In 2015, the United States belatedly joined the rest of the world in implementing the most updated version of the World Health Organization’s coding system for medical diagnoses, the International Classification of Diseases, Tenth Revision, usually referred to as the ICD-10.
Although nearly every other country in the world had been using the system since 1994, the process was delayed in this country because of the far more complicated health care system here.
The WHO’s ICD coding is used around the world for health diagnoses to ensure that every country is in sync with the most up-to-date research and medical knowledge.
It is also used by the WHO to track illness in order to focus resources according to need. The US version, known as the ICD-10-CM (for “clinical modification”), is used for diagnosis coding by healthcare providers in the U.S.
Most U.S. mental health providers are more likely to turn to the Diagnostic and Statistical Manual of Medical Disorders (DSM) put out by the American Psychiatric Association for coding information.
What many clinicians do not realize is that the DSM uses the ICD codes for diagnoses. The difference in the two documents is that the ICD is a list of codes and the DSM includes diagnostic criteria. (Although the WHO has begun to publish its own book of diagnostic criteria as a supplement to the ICD).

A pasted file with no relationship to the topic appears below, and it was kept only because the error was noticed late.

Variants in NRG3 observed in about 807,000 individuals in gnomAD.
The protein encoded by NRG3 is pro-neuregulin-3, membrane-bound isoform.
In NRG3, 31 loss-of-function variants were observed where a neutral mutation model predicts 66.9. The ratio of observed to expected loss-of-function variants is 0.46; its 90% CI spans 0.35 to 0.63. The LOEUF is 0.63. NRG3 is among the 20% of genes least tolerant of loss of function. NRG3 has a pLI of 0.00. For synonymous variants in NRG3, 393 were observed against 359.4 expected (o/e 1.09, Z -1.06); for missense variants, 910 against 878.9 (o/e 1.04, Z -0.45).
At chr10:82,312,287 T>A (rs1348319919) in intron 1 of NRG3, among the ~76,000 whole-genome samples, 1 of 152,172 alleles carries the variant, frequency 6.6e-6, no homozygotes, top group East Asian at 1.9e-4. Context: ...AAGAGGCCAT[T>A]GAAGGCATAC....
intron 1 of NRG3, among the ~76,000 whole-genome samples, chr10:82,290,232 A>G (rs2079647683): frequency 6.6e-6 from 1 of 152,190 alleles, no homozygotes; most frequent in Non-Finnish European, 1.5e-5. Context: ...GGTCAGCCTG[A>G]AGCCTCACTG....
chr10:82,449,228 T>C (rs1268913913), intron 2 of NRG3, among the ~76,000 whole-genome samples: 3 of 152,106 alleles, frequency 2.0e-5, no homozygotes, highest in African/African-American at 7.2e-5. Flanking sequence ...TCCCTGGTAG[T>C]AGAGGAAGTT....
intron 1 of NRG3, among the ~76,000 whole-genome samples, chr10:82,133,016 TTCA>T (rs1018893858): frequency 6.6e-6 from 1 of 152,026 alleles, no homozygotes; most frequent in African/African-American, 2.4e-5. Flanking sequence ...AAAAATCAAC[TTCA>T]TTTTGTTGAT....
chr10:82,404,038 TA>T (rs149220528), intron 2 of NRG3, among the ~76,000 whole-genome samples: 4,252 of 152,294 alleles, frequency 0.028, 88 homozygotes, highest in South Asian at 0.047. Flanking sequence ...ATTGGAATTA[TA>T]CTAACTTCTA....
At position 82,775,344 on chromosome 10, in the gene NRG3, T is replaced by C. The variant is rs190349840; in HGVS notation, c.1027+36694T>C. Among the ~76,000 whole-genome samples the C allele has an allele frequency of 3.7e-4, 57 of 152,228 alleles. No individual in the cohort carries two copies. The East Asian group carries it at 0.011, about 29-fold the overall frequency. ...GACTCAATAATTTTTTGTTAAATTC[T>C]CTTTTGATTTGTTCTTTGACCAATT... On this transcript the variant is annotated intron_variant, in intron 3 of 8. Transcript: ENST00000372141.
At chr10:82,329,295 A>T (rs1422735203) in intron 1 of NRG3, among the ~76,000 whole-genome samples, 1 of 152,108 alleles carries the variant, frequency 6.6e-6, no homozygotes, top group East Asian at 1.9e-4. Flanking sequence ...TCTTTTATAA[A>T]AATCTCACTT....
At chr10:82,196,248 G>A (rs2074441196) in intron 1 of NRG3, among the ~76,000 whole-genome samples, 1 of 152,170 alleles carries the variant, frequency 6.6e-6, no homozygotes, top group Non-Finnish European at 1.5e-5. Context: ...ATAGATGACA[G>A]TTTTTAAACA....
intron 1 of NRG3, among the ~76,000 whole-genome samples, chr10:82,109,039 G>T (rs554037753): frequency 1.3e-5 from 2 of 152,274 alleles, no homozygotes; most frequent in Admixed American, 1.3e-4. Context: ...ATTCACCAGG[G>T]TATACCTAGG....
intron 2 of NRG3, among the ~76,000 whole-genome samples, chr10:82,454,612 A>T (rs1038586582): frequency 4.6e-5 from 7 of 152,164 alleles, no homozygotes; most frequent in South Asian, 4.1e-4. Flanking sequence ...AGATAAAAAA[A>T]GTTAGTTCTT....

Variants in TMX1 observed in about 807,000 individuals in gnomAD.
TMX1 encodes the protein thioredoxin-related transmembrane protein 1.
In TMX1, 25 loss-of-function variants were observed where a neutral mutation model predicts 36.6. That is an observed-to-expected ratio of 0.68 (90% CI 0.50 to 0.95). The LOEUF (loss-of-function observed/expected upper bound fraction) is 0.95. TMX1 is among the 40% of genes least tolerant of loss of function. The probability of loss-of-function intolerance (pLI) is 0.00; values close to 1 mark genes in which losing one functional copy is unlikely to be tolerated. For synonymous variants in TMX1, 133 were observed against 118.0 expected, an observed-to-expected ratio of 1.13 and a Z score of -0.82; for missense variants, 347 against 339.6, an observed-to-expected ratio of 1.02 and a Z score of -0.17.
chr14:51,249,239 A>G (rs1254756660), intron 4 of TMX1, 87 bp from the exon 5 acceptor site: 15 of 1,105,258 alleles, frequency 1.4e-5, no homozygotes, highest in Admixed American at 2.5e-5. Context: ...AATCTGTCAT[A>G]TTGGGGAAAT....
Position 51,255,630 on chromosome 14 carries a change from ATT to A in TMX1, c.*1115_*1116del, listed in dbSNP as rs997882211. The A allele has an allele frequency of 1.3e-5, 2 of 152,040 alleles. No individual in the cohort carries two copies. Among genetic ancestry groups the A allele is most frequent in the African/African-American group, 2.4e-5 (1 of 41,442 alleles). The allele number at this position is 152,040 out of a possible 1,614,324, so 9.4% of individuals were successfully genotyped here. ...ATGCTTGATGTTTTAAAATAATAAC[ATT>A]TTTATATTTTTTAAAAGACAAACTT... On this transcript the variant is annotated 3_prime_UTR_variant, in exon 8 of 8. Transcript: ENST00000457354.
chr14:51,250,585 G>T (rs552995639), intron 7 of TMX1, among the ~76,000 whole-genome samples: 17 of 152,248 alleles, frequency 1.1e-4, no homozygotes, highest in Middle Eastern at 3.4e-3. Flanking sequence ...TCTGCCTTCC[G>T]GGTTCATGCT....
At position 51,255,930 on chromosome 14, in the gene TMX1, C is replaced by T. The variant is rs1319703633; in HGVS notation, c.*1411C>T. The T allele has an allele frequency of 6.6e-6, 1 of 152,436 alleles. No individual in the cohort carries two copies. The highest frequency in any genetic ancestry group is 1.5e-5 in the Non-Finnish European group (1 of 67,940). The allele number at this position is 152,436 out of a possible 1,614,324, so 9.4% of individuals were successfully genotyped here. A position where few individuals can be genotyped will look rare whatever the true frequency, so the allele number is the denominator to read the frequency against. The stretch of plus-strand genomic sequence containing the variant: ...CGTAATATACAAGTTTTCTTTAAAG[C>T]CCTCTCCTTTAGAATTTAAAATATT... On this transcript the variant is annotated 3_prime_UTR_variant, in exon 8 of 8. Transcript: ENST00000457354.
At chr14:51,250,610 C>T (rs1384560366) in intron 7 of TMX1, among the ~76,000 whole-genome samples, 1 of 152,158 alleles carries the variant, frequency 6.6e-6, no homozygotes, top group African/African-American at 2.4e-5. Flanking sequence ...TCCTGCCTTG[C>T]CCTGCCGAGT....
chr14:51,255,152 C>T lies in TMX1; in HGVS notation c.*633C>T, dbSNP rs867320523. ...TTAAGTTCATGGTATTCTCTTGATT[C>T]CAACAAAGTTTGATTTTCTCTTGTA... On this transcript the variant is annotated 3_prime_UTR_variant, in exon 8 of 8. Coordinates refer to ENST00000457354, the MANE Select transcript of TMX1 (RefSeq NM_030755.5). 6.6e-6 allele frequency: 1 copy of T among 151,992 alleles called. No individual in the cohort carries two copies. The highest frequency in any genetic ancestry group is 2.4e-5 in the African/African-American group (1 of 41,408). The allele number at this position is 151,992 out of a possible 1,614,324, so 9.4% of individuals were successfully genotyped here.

Another reason for the delay for the last update centered around the immense increase in the number of new codes, up to 68,000 from 13,000 in the ICD-9.
Because of the increase, the numbering system was also changed to alphanumeric codes that concerned the Center for Disease Control, the federal agency tasked with managing the implementation of the updates. The deadline for using the new codes in insurance billing was pushed back several times as insurance agencies and health care organizations worked to adjust billing practices.
At the time, there was discussion about the possibility of merely skipping the ICD-10 and moving directly into the ICD-11, which was first scheduled to be released in 2011.
However, the date for that release had already been moved to 2012, and then to 2015 and then 2017. It was recently announced that the ICD-11 release date will now be some time in 2018.
“My understanding is that the chapters related to psychology are fairly far along,” said Lynn Bufka, Ph.D, associate executive director of practice research and policy at the American Psychological Association, “and there is a beta version available on the WHO site. But other chapters are more complicated and the WHO will only release the whole document at once.”
Once the new version is published, the U.S. will still need to create its own version for release, which could take time.
“I understand that if there are key changes in the ICD-11 that people want to see enacted before the wholescale update, they will change aspects of the ICD-10-CM prior to the full release of 11,” said Bufka.
It is also possible that the federal government will impose a deadline for the changeover to the new codes. However, with electronic updates available easily, the changeover to ICD-11-CM should be a smoother transition than past updates.
By Catherine Robertson Souter